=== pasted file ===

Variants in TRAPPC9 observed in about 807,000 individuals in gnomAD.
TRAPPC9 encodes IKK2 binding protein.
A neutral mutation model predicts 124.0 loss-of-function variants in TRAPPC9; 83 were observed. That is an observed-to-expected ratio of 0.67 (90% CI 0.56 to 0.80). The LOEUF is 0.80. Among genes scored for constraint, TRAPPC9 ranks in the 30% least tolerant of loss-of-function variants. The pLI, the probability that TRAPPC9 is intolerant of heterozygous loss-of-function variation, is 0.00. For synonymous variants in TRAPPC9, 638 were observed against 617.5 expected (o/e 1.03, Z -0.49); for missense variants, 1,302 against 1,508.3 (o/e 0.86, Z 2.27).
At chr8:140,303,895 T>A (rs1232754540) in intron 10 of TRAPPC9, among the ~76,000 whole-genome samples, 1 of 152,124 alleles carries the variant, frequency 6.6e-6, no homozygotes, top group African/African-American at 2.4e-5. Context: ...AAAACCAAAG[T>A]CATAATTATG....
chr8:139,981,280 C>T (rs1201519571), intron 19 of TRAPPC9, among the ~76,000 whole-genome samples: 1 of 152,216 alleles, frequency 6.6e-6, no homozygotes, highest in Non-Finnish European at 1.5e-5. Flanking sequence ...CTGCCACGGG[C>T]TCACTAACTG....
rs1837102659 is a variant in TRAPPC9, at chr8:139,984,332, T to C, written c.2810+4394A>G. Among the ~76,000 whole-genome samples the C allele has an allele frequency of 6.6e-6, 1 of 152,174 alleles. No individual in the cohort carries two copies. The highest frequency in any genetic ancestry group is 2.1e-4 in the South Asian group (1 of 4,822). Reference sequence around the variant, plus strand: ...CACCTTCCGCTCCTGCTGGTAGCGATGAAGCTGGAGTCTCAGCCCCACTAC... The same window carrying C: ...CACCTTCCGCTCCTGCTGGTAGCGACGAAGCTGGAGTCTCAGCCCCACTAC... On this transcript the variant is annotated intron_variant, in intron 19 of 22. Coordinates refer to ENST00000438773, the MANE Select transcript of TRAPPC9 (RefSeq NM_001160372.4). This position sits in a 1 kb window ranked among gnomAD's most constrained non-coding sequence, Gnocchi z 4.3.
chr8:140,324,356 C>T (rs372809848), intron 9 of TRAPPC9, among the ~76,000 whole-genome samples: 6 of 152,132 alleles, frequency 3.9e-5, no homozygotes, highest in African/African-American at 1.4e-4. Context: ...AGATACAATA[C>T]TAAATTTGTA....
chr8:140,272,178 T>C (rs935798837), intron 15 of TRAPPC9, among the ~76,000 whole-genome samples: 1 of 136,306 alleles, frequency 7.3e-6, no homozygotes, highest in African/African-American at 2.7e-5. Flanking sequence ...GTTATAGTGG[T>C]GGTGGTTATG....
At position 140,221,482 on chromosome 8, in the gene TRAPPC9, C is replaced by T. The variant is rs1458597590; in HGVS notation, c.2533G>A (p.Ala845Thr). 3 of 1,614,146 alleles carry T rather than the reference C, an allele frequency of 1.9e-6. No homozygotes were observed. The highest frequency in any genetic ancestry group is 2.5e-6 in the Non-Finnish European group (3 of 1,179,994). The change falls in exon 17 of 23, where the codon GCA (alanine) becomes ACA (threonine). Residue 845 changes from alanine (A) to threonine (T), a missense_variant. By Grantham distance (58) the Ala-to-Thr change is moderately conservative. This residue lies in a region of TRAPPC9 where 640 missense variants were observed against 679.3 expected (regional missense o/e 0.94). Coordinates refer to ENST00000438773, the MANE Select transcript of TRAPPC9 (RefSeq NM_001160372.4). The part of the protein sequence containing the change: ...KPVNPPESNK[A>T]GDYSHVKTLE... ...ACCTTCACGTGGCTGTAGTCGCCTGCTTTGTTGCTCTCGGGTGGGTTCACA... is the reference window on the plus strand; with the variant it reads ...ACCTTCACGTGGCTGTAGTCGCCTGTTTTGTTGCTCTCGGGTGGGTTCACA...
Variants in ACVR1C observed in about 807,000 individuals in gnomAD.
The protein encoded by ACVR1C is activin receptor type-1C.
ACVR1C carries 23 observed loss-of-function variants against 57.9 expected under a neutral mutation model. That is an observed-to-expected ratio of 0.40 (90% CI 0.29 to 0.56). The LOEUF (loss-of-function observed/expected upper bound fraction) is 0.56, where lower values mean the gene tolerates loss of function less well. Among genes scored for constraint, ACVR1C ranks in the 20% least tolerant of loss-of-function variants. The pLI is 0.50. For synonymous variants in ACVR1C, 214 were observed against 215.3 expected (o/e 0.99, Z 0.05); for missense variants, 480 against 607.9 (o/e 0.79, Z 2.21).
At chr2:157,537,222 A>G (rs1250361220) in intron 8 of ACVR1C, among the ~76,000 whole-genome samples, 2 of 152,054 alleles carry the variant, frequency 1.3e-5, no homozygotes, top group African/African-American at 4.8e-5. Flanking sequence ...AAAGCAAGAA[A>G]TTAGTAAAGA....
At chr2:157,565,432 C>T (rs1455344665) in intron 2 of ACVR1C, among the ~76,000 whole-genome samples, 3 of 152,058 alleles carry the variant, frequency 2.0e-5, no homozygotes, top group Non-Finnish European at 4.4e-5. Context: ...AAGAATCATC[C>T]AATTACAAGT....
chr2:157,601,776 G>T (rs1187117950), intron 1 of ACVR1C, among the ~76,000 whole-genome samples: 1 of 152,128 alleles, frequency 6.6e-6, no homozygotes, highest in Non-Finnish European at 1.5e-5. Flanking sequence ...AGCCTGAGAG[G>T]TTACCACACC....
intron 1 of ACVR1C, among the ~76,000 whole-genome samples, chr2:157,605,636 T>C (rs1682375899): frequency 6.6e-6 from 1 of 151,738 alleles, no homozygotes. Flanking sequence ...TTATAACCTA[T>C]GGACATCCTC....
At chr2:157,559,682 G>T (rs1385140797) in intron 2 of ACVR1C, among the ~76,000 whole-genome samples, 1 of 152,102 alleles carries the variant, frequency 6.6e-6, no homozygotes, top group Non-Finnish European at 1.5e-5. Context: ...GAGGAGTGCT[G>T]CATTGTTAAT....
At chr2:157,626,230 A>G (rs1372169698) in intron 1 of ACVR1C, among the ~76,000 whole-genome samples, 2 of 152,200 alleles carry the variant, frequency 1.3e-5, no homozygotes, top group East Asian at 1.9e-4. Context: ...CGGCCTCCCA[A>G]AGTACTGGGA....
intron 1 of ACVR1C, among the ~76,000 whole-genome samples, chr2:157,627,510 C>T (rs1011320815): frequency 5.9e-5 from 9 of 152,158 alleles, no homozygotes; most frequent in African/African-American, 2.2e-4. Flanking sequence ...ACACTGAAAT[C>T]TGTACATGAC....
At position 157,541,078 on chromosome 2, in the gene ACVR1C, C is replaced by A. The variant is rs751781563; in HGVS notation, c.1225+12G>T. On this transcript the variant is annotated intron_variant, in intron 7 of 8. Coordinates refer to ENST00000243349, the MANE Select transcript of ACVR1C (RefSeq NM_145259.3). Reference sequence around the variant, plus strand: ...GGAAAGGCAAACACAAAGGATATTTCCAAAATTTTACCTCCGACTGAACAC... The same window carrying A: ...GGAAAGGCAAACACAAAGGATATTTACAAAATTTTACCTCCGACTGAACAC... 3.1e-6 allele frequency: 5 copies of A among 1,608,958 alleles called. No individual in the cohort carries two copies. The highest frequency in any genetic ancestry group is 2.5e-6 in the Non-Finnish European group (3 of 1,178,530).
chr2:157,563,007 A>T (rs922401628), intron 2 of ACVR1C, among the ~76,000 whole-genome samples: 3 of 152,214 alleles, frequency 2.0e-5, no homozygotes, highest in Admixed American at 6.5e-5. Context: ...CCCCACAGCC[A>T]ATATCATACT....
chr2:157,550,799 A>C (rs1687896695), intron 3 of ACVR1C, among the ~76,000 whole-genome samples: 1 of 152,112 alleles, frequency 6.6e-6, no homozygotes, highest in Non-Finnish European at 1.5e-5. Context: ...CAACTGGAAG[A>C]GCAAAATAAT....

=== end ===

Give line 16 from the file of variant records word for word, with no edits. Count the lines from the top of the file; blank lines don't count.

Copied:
intron 1 of ACVR1C, among the ~76,000 whole-genome samples, chr2:157,605,636 T>C (rs1682375899): frequency 6.6e-6 from 1 of 151,738 alleles, no homozygotes. Flanking sequence ...TTATAACCTA[T>C]GGACATCCTC....